As more new vehicles come equipped with technologies designed to take over some driving functions or provide assistance to human drivers, many people may assume that the roads become safer and fewer accidents may occur.
Interestingly, the opposite may be true as new research shows that human drivers may rely too much on driver assist features.
Human error linked to most traffic accidents
According to the National Highway Traffic Safety Administration, the majority of motor vehicle crashes involve some form of error or poor judgement on the part of human drivers. In 2018 alone, more than 36,000 people lost their lives on American roads. In an effort to address the impact of human error, many features like forward collision warning, automatic braking and adaptive lighting tout the ability to reduce or mitigate the impact of accidents.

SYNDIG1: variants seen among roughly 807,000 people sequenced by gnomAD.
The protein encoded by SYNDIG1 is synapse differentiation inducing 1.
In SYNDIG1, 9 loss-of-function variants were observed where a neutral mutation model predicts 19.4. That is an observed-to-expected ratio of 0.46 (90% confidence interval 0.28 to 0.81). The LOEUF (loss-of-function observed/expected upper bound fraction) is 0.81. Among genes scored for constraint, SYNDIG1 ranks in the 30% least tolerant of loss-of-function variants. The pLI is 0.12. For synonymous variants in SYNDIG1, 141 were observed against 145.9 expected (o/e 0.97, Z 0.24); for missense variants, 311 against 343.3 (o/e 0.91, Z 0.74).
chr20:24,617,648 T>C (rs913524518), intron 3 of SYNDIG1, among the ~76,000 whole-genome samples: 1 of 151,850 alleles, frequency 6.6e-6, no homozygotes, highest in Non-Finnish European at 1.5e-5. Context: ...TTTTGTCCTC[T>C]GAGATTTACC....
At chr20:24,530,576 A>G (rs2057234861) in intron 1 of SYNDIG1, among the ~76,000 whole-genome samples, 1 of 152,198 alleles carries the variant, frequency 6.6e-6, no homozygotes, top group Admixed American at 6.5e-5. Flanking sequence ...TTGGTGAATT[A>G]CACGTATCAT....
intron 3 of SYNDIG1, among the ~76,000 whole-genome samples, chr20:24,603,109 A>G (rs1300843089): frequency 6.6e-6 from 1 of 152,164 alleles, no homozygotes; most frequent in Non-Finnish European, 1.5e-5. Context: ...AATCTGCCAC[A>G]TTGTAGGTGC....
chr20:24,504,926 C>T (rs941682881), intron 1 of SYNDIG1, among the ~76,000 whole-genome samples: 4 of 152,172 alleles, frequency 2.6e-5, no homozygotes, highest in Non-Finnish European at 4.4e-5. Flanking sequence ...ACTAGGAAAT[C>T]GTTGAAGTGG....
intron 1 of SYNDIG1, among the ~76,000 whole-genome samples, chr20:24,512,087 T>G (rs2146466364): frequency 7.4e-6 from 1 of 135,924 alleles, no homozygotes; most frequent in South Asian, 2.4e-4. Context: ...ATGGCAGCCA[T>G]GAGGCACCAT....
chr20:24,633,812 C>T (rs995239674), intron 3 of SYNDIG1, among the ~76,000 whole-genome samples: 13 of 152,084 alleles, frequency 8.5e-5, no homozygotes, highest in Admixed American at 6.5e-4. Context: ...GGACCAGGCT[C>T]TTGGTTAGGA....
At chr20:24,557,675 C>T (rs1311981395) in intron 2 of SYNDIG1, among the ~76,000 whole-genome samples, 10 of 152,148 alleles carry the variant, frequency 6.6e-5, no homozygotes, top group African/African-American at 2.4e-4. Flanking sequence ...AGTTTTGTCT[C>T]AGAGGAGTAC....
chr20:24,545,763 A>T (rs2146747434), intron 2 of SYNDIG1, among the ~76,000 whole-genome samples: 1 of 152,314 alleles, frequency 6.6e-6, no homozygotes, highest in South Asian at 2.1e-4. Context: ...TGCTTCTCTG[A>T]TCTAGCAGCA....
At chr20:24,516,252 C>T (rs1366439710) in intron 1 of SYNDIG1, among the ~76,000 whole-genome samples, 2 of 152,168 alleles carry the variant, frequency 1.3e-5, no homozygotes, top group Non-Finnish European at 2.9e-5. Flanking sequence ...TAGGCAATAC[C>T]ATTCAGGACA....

Study finds distraction increases with advanced safety features
The AAA Foundation for Traffic Safety provided a summary of a study conducted by the Virginia Technology Transportation Institute that evaluated driver behavior when using lane keeping assistance or adaptive cruise control features. The results of the study pointed to a concerning increase in the potential for distracted driving. In short, drivers were less likely to remain focused on the act of driving when they felt technology was doing the job for them.
The chance that a driver utilizing the assistance features may engage in an activity that creates a manual or visual distraction jumped by 80%. Overall distracting behavior risk increased by 50% when a driver in the study used lane keeping assist or adaptive cruise control.